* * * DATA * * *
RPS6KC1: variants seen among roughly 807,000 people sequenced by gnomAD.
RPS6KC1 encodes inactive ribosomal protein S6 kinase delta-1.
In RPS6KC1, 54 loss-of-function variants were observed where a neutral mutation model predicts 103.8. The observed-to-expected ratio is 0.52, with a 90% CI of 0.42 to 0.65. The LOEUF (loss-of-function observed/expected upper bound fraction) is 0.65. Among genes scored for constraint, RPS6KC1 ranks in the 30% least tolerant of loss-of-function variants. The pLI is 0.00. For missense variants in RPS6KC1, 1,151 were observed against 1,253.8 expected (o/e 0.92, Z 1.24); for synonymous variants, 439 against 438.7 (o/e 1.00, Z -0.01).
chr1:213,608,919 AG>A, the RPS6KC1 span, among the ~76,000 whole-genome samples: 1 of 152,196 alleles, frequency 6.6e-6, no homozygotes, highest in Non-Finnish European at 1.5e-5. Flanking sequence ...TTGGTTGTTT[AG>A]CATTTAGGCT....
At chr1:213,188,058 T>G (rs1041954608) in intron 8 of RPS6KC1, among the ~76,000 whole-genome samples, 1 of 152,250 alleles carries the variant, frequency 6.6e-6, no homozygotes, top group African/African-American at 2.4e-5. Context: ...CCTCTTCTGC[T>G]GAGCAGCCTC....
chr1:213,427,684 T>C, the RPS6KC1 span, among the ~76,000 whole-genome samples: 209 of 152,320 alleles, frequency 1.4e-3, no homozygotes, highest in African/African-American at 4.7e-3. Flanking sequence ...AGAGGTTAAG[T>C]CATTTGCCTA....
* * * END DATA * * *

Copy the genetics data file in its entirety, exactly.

RPS6KC1: variants seen among roughly 807,000 people sequenced by gnomAD.
RPS6KC1 encodes inactive ribosomal protein S6 kinase delta-1.
In RPS6KC1, 54 loss-of-function variants were observed where a neutral mutation model predicts 103.8. The observed-to-expected ratio is 0.52, with a 90% CI of 0.42 to 0.65. The LOEUF (loss-of-function observed/expected upper bound fraction) is 0.65. Among genes scored for constraint, RPS6KC1 ranks in the 30% least tolerant of loss-of-function variants. The pLI is 0.00. For missense variants in RPS6KC1, 1,151 were observed against 1,253.8 expected (o/e 0.92, Z 1.24); for synonymous variants, 439 against 438.7 (o/e 1.00, Z -0.01).
chr1:213,608,919 AG>A, the RPS6KC1 span, among the ~76,000 whole-genome samples: 1 of 152,196 alleles, frequency 6.6e-6, no homozygotes, highest in Non-Finnish European at 1.5e-5. Flanking sequence ...TTGGTTGTTT[AG>A]CATTTAGGCT....
At chr1:213,188,058 T>G (rs1041954608) in intron 8 of RPS6KC1, among the ~76,000 whole-genome samples, 1 of 152,250 alleles carries the variant, frequency 6.6e-6, no homozygotes, top group African/African-American at 2.4e-5. Context: ...CCTCTTCTGC[T>G]GAGCAGCCTC....
chr1:213,427,684 T>C, the RPS6KC1 span, among the ~76,000 whole-genome samples: 209 of 152,320 alleles, frequency 1.4e-3, no homozygotes, highest in African/African-American at 4.7e-3. Flanking sequence ...AGAGGTTAAG[T>C]CATTTGCCTA....